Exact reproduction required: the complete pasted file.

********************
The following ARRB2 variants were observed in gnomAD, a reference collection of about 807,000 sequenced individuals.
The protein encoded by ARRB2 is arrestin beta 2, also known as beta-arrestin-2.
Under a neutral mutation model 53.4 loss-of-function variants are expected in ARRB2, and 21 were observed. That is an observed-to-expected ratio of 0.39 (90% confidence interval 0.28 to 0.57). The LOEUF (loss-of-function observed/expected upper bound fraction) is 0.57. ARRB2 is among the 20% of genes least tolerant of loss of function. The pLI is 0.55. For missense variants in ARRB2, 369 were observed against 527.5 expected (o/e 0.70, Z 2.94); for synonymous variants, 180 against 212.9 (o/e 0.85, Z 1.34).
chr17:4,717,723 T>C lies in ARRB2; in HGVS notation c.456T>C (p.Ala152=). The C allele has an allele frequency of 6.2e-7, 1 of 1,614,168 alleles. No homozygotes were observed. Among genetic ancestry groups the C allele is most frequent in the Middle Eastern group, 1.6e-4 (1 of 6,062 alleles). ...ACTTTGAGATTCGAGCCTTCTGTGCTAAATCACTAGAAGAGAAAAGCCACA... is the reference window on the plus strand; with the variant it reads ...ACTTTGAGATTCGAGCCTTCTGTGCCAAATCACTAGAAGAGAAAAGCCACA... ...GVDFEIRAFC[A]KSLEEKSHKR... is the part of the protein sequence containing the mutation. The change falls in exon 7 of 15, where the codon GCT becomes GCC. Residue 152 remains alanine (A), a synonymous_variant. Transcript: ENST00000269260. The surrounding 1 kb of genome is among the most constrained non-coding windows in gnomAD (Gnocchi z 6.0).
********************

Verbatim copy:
The following ARRB2 variants were observed in gnomAD, a reference collection of about 807,000 sequenced individuals.
The protein encoded by ARRB2 is arrestin beta 2, also known as beta-arrestin-2.
Under a neutral mutation model 53.4 loss-of-function variants are expected in ARRB2, and 21 were observed. That is an observed-to-expected ratio of 0.39 (90% confidence interval 0.28 to 0.57). The LOEUF (loss-of-function observed/expected upper bound fraction) is 0.57. ARRB2 is among the 20% of genes least tolerant of loss of function. The pLI is 0.55. For missense variants in ARRB2, 369 were observed against 527.5 expected (o/e 0.70, Z 2.94); for synonymous variants, 180 against 212.9 (o/e 0.85, Z 1.34).
chr17:4,717,723 T>C lies in ARRB2; in HGVS notation c.456T>C (p.Ala152=). The C allele has an allele frequency of 6.2e-7, 1 of 1,614,168 alleles. No homozygotes were observed. Among genetic ancestry groups the C allele is most frequent in the Middle Eastern group, 1.6e-4 (1 of 6,062 alleles). ...ACTTTGAGATTCGAGCCTTCTGTGCTAAATCACTAGAAGAGAAAAGCCACA... is the reference window on the plus strand; with the variant it reads ...ACTTTGAGATTCGAGCCTTCTGTGCCAAATCACTAGAAGAGAAAAGCCACA... ...GVDFEIRAFC[A]KSLEEKSHKR... is the part of the protein sequence containing the mutation. The change falls in exon 7 of 15, where the codon GCT becomes GCC. Residue 152 remains alanine (A), a synonymous_variant. Transcript: ENST00000269260. The surrounding 1 kb of genome is among the most constrained non-coding windows in gnomAD (Gnocchi z 6.0).